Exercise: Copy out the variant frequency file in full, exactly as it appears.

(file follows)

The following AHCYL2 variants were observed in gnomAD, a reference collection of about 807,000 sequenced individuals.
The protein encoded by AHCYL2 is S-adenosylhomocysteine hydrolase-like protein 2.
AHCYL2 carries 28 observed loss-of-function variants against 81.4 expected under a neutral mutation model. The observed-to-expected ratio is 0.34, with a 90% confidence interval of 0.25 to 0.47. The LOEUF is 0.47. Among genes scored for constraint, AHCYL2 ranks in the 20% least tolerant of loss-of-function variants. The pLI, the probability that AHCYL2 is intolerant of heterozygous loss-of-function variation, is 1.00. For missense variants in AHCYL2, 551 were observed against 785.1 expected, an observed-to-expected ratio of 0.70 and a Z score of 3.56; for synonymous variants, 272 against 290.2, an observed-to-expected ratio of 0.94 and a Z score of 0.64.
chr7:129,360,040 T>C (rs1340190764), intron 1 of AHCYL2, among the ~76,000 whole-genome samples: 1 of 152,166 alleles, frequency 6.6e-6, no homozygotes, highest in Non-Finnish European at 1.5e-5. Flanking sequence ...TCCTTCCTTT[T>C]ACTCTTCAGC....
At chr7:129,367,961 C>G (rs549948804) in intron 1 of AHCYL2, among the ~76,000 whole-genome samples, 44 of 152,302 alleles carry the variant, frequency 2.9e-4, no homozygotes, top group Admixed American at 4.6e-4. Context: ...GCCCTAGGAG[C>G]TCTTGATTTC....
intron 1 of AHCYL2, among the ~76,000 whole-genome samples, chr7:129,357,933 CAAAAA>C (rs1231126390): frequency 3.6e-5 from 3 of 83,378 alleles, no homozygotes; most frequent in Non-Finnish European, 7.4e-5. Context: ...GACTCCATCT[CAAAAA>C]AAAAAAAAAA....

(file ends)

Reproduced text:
The following AHCYL2 variants were observed in gnomAD, a reference collection of about 807,000 sequenced individuals.
The protein encoded by AHCYL2 is S-adenosylhomocysteine hydrolase-like protein 2.
AHCYL2 carries 28 observed loss-of-function variants against 81.4 expected under a neutral mutation model. The observed-to-expected ratio is 0.34, with a 90% confidence interval of 0.25 to 0.47. The LOEUF is 0.47. Among genes scored for constraint, AHCYL2 ranks in the 20% least tolerant of loss-of-function variants. The pLI, the probability that AHCYL2 is intolerant of heterozygous loss-of-function variation, is 1.00. For missense variants in AHCYL2, 551 were observed against 785.1 expected, an observed-to-expected ratio of 0.70 and a Z score of 3.56; for synonymous variants, 272 against 290.2, an observed-to-expected ratio of 0.94 and a Z score of 0.64.
chr7:129,360,040 T>C (rs1340190764), intron 1 of AHCYL2, among the ~76,000 whole-genome samples: 1 of 152,166 alleles, frequency 6.6e-6, no homozygotes, highest in Non-Finnish European at 1.5e-5. Flanking sequence ...TCCTTCCTTT[T>C]ACTCTTCAGC....
At chr7:129,367,961 C>G (rs549948804) in intron 1 of AHCYL2, among the ~76,000 whole-genome samples, 44 of 152,302 alleles carry the variant, frequency 2.9e-4, no homozygotes, top group Admixed American at 4.6e-4. Context: ...GCCCTAGGAG[C>G]TCTTGATTTC....
intron 1 of AHCYL2, among the ~76,000 whole-genome samples, chr7:129,357,933 CAAAAA>C (rs1231126390): frequency 3.6e-5 from 3 of 83,378 alleles, no homozygotes; most frequent in Non-Finnish European, 7.4e-5. Context: ...GACTCCATCT[CAAAAA>C]AAAAAAAAAA....